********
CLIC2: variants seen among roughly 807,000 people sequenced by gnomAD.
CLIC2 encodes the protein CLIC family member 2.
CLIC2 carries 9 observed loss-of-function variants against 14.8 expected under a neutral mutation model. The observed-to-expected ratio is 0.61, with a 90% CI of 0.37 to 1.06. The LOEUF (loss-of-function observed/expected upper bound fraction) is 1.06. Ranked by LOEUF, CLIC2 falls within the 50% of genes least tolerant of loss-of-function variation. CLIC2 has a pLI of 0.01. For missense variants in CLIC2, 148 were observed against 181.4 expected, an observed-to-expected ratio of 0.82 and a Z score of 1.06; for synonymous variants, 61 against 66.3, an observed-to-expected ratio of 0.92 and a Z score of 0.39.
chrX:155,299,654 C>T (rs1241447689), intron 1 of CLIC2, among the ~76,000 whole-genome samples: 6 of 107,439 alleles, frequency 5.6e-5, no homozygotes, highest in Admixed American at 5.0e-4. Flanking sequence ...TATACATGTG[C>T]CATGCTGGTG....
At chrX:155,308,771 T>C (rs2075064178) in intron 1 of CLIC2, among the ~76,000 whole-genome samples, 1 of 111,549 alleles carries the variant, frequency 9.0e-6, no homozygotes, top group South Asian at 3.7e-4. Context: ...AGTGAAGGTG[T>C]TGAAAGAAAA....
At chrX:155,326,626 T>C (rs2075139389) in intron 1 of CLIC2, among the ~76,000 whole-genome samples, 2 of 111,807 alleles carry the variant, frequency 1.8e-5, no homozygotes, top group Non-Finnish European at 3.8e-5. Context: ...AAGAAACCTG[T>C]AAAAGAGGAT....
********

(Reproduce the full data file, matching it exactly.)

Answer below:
CLIC2: variants seen among roughly 807,000 people sequenced by gnomAD.
CLIC2 encodes the protein CLIC family member 2.
CLIC2 carries 9 observed loss-of-function variants against 14.8 expected under a neutral mutation model. The observed-to-expected ratio is 0.61, with a 90% CI of 0.37 to 1.06. The LOEUF (loss-of-function observed/expected upper bound fraction) is 1.06. Ranked by LOEUF, CLIC2 falls within the 50% of genes least tolerant of loss-of-function variation. CLIC2 has a pLI of 0.01. For missense variants in CLIC2, 148 were observed against 181.4 expected, an observed-to-expected ratio of 0.82 and a Z score of 1.06; for synonymous variants, 61 against 66.3, an observed-to-expected ratio of 0.92 and a Z score of 0.39.
chrX:155,299,654 C>T (rs1241447689), intron 1 of CLIC2, among the ~76,000 whole-genome samples: 6 of 107,439 alleles, frequency 5.6e-5, no homozygotes, highest in Admixed American at 5.0e-4. Flanking sequence ...TATACATGTG[C>T]CATGCTGGTG....
At chrX:155,308,771 T>C (rs2075064178) in intron 1 of CLIC2, among the ~76,000 whole-genome samples, 1 of 111,549 alleles carries the variant, frequency 9.0e-6, no homozygotes, top group South Asian at 3.7e-4. Context: ...AGTGAAGGTG[T>C]TGAAAGAAAA....
At chrX:155,326,626 T>C (rs2075139389) in intron 1 of CLIC2, among the ~76,000 whole-genome samples, 2 of 111,807 alleles carry the variant, frequency 1.8e-5, no homozygotes, top group Non-Finnish European at 3.8e-5. Context: ...AAGAAACCTG[T>C]AAAAGAGGAT....